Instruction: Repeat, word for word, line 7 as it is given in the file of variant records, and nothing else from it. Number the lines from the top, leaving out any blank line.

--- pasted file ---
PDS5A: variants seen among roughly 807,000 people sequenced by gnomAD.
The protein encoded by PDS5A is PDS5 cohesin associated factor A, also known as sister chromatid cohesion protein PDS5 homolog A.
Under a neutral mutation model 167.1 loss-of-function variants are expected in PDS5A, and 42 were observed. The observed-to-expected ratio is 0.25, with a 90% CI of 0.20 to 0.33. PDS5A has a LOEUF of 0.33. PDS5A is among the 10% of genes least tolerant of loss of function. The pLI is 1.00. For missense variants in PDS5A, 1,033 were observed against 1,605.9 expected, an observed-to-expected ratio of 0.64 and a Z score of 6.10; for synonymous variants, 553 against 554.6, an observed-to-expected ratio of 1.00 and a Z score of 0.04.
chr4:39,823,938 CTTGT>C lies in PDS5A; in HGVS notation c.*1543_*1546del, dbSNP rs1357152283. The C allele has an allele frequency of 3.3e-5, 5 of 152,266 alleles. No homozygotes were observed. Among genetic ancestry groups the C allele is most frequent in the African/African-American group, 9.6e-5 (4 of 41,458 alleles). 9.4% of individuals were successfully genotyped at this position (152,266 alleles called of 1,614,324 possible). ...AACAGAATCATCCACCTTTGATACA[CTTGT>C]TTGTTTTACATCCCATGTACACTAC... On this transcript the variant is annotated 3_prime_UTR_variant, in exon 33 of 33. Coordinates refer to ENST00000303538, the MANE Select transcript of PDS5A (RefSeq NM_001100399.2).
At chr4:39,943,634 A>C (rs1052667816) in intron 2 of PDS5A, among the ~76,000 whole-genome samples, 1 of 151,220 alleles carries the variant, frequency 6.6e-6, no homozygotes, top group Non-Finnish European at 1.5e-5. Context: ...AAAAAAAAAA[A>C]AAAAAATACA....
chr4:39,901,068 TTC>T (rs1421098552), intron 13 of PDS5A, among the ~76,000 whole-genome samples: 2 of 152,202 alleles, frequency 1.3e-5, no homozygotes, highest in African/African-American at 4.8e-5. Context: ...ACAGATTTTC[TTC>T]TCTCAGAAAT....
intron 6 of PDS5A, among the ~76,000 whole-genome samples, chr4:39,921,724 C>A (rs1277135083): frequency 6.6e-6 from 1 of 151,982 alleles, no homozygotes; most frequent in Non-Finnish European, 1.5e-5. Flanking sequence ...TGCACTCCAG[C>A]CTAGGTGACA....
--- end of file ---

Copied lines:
intron 6 of PDS5A, among the ~76,000 whole-genome samples, chr4:39,921,724 C>A (rs1277135083): frequency 6.6e-6 from 1 of 151,982 alleles, no homozygotes; most frequent in Non-Finnish European, 1.5e-5. Flanking sequence ...TGCACTCCAG[C>A]CTAGGTGACA....